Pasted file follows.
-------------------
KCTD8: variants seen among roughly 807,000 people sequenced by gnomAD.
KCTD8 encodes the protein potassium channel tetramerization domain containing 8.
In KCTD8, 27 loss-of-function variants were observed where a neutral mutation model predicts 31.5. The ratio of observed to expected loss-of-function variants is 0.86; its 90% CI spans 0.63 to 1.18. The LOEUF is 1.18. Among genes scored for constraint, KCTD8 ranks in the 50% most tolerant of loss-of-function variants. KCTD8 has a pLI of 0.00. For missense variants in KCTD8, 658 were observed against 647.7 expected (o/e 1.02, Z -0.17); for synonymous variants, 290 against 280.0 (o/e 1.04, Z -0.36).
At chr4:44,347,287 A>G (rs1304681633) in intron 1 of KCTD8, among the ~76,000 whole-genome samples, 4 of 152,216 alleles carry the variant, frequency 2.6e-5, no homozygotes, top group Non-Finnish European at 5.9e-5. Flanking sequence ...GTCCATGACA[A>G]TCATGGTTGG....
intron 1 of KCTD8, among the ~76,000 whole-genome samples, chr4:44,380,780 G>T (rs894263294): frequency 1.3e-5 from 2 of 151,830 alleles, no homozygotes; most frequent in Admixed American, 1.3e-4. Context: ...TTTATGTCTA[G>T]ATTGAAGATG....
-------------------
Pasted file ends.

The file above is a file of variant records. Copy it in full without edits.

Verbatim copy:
KCTD8: variants seen among roughly 807,000 people sequenced by gnomAD.
KCTD8 encodes the protein potassium channel tetramerization domain containing 8.
In KCTD8, 27 loss-of-function variants were observed where a neutral mutation model predicts 31.5. The ratio of observed to expected loss-of-function variants is 0.86; its 90% CI spans 0.63 to 1.18. The LOEUF is 1.18. Among genes scored for constraint, KCTD8 ranks in the 50% most tolerant of loss-of-function variants. KCTD8 has a pLI of 0.00. For missense variants in KCTD8, 658 were observed against 647.7 expected (o/e 1.02, Z -0.17); for synonymous variants, 290 against 280.0 (o/e 1.04, Z -0.36).
At chr4:44,347,287 A>G (rs1304681633) in intron 1 of KCTD8, among the ~76,000 whole-genome samples, 4 of 152,216 alleles carry the variant, frequency 2.6e-5, no homozygotes, top group Non-Finnish European at 5.9e-5. Flanking sequence ...GTCCATGACA[A>G]TCATGGTTGG....
intron 1 of KCTD8, among the ~76,000 whole-genome samples, chr4:44,380,780 G>T (rs894263294): frequency 1.3e-5 from 2 of 151,830 alleles, no homozygotes; most frequent in Admixed American, 1.3e-4. Context: ...TTTATGTCTA[G>T]ATTGAAGATG....